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Risk and Maturity Assessments In Health Care And The NIST CSF

S.E. Williams, MDI, MSc, Cybersecurity's profile image
By: S.E. Williams, MDI, MSc, Cybersecurity
April 13, 2021

Conducting a cybersecurity risk or control maturity assessment in the healthcare industry is a complicated undertaking with unique industry-specific challenges. This article provides a brief synopsis of a few of the risk assessment frameworks currently used in the healthcare industry. It also discusses how the National Institute of Standards and Technology (NIST) Cybersecurity Framework (NIST CSF)1 has influenced health-care-based assessments.

Overview: Cybersecurity Risk Assessments in Health Care

The Health Insurance Portability and Account Act (HIPAA) of 19962 and subsequent modifications and proposals to HIPAA laws directly influence cybersecurity compliance and protections in the healthcare industry.

For example, as of January 2021, the Office of Civil Rights (OCR) has proposed modifications to HIPAA laws3 to strengthen privacy and on-line access rights for individuals reviewing their private electronic health records (EHRs).4 EHRs are protected by the Health Information Technology for Economic and Clinical Health Act (HITECH) of 2009.5

Covered Entities and Business Associates (referred to as CEs and BAs for this article) are considered any individual, organizational, or agency that conducts activities related to information about an individual's medical treatment.6 Any organization meeting the HIPAA definition of a CE or BA is required to conduct an annual cybersecurity risk assessment.

Health-industry risk assessments are big business as there is no specific framework, model, or method to conduct a HIPAA-based cybersecurity assessment. Currently, health-care-related risk assessments are based on the HIPAA Security Risk Assessment (SRA) Tool, the HITRUST CSF, the NIST CSF, or other types of in-house security frameworks.

Integration of the NIST CSF and Health Care Risk Assessments

The network attack surface of most CEs and BAs continues to grow through the widespread use of EHRs, online-patient portals, legacy medical software and hardware, and the inter-connected procedures of healthcare organizations.7 Additional challenges include unwillingness or financial constraints of healthcare executives to augment cyber-protections, misconfigurations in cloud security, unsecured mobile devices, ransomware, and IoT exploits through wearable or implanted devices.8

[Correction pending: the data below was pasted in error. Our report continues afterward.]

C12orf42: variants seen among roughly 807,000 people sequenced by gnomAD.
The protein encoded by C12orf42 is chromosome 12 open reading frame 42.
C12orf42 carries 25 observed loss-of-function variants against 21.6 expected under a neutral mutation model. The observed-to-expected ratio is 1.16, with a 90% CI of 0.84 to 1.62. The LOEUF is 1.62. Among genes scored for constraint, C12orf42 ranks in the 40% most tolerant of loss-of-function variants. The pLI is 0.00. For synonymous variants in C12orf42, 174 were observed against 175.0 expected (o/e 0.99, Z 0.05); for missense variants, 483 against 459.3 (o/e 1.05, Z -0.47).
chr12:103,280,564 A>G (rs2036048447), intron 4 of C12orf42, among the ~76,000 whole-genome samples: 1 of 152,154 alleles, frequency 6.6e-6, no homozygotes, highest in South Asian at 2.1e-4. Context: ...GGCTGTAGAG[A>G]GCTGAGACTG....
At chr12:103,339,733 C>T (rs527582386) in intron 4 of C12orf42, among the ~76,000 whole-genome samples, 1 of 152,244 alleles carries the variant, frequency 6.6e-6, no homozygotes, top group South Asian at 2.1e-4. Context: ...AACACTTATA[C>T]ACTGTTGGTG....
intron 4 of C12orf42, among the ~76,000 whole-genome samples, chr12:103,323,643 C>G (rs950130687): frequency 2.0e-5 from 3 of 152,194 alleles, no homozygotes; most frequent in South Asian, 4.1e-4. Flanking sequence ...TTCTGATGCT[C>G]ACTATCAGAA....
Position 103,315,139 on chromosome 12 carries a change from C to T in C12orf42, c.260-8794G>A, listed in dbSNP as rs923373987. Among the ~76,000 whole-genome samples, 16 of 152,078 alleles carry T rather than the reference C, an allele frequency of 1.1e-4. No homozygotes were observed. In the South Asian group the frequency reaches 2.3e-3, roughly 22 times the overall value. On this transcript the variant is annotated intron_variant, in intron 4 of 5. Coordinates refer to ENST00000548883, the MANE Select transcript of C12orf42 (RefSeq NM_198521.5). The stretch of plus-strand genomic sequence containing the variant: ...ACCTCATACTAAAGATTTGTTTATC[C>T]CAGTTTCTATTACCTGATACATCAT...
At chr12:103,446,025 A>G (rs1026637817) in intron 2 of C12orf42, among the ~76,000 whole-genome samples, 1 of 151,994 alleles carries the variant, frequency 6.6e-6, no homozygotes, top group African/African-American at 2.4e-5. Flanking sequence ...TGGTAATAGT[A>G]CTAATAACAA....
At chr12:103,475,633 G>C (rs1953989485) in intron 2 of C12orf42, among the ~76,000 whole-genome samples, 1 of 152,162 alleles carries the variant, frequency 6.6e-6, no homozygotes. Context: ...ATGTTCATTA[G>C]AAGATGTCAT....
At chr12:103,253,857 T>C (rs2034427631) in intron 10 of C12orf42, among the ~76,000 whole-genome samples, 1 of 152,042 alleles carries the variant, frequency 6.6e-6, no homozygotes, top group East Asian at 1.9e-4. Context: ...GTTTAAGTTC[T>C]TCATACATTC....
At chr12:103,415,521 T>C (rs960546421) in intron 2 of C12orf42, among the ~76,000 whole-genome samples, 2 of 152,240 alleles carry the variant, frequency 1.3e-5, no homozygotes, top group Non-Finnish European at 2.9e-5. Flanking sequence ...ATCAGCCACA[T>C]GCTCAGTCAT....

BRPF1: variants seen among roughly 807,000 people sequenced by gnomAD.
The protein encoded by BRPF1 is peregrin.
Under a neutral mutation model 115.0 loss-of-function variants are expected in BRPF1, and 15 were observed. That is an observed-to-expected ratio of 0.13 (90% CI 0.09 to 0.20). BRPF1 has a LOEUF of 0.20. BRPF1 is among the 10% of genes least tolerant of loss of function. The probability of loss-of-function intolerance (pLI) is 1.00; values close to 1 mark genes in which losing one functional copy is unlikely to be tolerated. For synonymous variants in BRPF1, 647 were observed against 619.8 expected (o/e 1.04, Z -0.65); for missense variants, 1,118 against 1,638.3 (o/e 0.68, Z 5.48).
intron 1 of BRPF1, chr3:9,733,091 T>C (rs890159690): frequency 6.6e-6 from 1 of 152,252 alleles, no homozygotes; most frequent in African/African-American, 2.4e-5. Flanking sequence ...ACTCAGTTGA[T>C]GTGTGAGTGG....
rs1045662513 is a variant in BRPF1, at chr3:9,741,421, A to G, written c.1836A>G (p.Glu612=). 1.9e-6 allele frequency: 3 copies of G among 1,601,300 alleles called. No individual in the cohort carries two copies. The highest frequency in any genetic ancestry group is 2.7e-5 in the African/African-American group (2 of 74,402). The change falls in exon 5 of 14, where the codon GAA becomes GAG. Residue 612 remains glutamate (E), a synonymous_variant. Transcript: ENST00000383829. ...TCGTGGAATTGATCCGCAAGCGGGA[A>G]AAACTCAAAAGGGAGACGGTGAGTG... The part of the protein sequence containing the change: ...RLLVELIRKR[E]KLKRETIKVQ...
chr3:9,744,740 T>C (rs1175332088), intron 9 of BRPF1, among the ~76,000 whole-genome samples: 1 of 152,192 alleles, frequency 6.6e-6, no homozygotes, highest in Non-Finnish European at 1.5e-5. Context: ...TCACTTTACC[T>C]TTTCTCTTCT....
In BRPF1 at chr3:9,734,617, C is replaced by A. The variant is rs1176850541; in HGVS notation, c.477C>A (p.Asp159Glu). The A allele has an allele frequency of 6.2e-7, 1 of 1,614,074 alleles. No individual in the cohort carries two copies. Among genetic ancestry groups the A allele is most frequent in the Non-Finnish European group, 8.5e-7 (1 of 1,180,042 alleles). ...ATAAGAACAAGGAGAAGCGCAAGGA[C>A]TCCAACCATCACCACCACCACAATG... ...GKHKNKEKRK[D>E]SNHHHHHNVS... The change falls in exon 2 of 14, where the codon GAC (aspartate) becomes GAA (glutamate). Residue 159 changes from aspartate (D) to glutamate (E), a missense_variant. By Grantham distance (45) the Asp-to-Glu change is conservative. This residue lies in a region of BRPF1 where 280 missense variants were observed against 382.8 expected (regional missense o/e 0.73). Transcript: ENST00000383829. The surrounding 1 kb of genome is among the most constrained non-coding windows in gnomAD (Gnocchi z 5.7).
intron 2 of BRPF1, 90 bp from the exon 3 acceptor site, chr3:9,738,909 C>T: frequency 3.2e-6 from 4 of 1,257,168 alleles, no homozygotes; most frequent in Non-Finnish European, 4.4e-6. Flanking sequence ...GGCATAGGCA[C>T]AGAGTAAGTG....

The NIST CSF addresses general cybersecurity protections for critical infrastructure's electronic data at rest or in transit. By itself, it is not an effective tool to evaluate cyber-safeguards for personally identifiable health information.9 HIPAA-specific requirements for ensuring protections for Electronic Protected Health Information (ePHI) are mandatory for compliance with the HIPAA Security Rule.10 Established on the integration of the NIST CSF and the HIPAA Security Rule, various tools were developed and made available to health-industry businesses, such as the frameworks listed below:

  • Crosswalk/NIST CSF Matrix11
  • HIPAA Security Risk Assessment Tool (SRA) version 3.212
  • HITRUST CSF Ver. 9.2 to NIST CSF ver. 1.113

NIST CSF/HIPAA-Based Risk Assessment Tools

Crosswalk/NIST CSF Matrix: The "Crosswalk" matrix assessment tool integrates the HIPAA Security Rule and the NIST CSF. "Crosswalks" was developed by NIST and the Office of the National Coordinator for Health IT (ONC IT),14 in response to the HITECH Act of 2009 and the Cybersecurity Information Sharing Act of 2015 (CISA).15 The Crosswalk Framework correlates privacy protections between the Security Rule and the NIST CSF. The tool is available as a downloadable PDF from the Department of Health and Human Services website.16

HIPAA Security Risk Assessment Tool (SRA) version 3.2: The SAR is available for download from HealthIT.gov. A complete review of the SAR is beyond the scope of this article. The SAR covers administrative, physical, and technical controls that should be in place to safeguard protected ePHI.

HITRUST CSF: This method is a compliance and certification path developed by the Health Information Trust Alliance (HITRUST). It integrates the NIST CSF's functional domains, NIST SP 800-53, the HIPAA Security Rule, and ISO 27001. The framework can be tailored to achieve an organization's HIPAA cybersecurity compliance targets. The HITRUST framework reviews three implementation levels correlated to the organization's size and capabilities to protect ePHI and related health data. Depending on the implementation level, the tool will be free or require a substantial certification cost.17

Conducting a HIPAA-Based Risk Assessment

Undertaking a healthcare cybersecurity risk assessment should always begin with activities addressing due care, due diligence, and ensuring best practices are implemented. Then determine if the organization meets the HIPAA Covered Entity or Business Association requirements defined in CFR 160.103.18

This can be easily done by completing the on-line Q&A Decision Tool.19 A second step is to research the available healthcare risk assessment tools and determine which framework will best meet the business's compliance and security needs. Financial, staffing, and overall available resources should be known before selecting a HIPAA-based cybersecurity assessment tool.